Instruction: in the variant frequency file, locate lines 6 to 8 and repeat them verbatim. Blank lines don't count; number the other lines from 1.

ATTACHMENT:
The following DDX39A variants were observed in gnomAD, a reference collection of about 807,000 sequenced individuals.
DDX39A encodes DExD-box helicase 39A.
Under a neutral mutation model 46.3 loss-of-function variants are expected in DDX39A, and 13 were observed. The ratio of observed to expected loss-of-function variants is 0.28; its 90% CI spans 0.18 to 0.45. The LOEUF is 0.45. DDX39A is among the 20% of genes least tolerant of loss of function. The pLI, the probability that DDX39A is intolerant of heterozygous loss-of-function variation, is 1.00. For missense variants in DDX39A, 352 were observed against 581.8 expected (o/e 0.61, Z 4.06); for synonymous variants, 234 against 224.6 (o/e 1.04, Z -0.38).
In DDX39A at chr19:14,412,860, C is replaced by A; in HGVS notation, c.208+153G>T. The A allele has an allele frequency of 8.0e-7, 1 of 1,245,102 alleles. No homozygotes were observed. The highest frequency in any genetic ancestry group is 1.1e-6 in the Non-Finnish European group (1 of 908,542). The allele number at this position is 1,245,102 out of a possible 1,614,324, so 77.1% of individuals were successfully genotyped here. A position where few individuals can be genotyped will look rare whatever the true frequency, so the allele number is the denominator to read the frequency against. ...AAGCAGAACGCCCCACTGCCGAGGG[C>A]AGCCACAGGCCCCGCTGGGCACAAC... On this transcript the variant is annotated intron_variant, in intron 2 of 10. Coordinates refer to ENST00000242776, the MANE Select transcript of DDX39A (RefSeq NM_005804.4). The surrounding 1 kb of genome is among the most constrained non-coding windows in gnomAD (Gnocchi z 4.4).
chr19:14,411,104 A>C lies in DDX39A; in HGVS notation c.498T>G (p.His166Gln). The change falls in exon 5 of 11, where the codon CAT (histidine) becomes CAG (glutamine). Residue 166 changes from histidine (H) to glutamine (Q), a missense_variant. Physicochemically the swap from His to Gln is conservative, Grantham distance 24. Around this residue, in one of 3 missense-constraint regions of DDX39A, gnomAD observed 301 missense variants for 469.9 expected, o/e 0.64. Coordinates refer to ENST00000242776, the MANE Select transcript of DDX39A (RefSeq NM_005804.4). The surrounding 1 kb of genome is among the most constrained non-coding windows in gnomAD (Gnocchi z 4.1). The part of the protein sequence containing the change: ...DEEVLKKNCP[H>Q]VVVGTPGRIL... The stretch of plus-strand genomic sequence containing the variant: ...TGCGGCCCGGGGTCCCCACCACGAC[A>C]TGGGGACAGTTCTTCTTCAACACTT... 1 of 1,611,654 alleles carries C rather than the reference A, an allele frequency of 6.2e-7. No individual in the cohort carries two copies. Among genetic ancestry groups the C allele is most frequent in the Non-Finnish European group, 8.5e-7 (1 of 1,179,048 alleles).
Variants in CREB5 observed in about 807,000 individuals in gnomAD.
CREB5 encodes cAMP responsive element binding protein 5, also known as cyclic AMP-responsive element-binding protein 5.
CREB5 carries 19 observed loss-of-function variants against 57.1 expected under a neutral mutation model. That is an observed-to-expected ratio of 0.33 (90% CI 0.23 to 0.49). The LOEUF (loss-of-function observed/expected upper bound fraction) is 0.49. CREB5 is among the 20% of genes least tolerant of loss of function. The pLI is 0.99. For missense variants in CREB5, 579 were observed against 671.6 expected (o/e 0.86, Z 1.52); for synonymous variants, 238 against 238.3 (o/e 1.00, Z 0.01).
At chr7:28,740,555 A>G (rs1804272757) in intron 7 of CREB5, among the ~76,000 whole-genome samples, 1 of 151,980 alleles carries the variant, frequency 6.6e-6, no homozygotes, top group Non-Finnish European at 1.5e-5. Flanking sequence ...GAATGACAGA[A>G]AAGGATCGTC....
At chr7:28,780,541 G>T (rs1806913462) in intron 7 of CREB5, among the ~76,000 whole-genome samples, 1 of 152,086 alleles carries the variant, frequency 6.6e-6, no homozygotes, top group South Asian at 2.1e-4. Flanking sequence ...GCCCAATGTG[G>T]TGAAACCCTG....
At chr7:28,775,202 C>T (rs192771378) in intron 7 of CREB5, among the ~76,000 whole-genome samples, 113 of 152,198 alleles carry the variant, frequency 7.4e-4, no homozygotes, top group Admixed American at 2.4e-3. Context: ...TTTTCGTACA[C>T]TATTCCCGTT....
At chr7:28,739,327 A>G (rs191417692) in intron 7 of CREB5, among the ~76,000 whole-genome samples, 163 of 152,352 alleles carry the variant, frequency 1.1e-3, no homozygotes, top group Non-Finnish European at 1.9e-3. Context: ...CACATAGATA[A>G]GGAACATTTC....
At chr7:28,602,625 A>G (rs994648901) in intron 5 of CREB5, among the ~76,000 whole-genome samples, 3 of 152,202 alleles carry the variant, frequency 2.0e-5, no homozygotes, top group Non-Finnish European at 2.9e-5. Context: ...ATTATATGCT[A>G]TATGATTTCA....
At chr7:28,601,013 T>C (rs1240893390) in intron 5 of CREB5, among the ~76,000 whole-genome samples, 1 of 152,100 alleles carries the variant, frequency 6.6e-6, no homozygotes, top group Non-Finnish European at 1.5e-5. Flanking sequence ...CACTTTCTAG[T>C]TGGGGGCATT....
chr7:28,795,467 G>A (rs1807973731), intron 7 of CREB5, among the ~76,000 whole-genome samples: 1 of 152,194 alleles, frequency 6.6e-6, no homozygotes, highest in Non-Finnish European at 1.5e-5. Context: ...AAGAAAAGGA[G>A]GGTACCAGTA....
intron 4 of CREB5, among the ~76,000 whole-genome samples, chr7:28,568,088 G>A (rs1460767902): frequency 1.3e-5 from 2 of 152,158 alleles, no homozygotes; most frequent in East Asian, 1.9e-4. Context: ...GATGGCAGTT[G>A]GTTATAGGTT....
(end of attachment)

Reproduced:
Variants in CREB5 observed in about 807,000 individuals in gnomAD.
CREB5 encodes cAMP responsive element binding protein 5, also known as cyclic AMP-responsive element-binding protein 5.
CREB5 carries 19 observed loss-of-function variants against 57.1 expected under a neutral mutation model. That is an observed-to-expected ratio of 0.33 (90% CI 0.23 to 0.49). The LOEUF (loss-of-function observed/expected upper bound fraction) is 0.49. CREB5 is among the 20% of genes least tolerant of loss of function. The pLI is 0.99. For missense variants in CREB5, 579 were observed against 671.6 expected (o/e 0.86, Z 1.52); for synonymous variants, 238 against 238.3 (o/e 1.00, Z 0.01).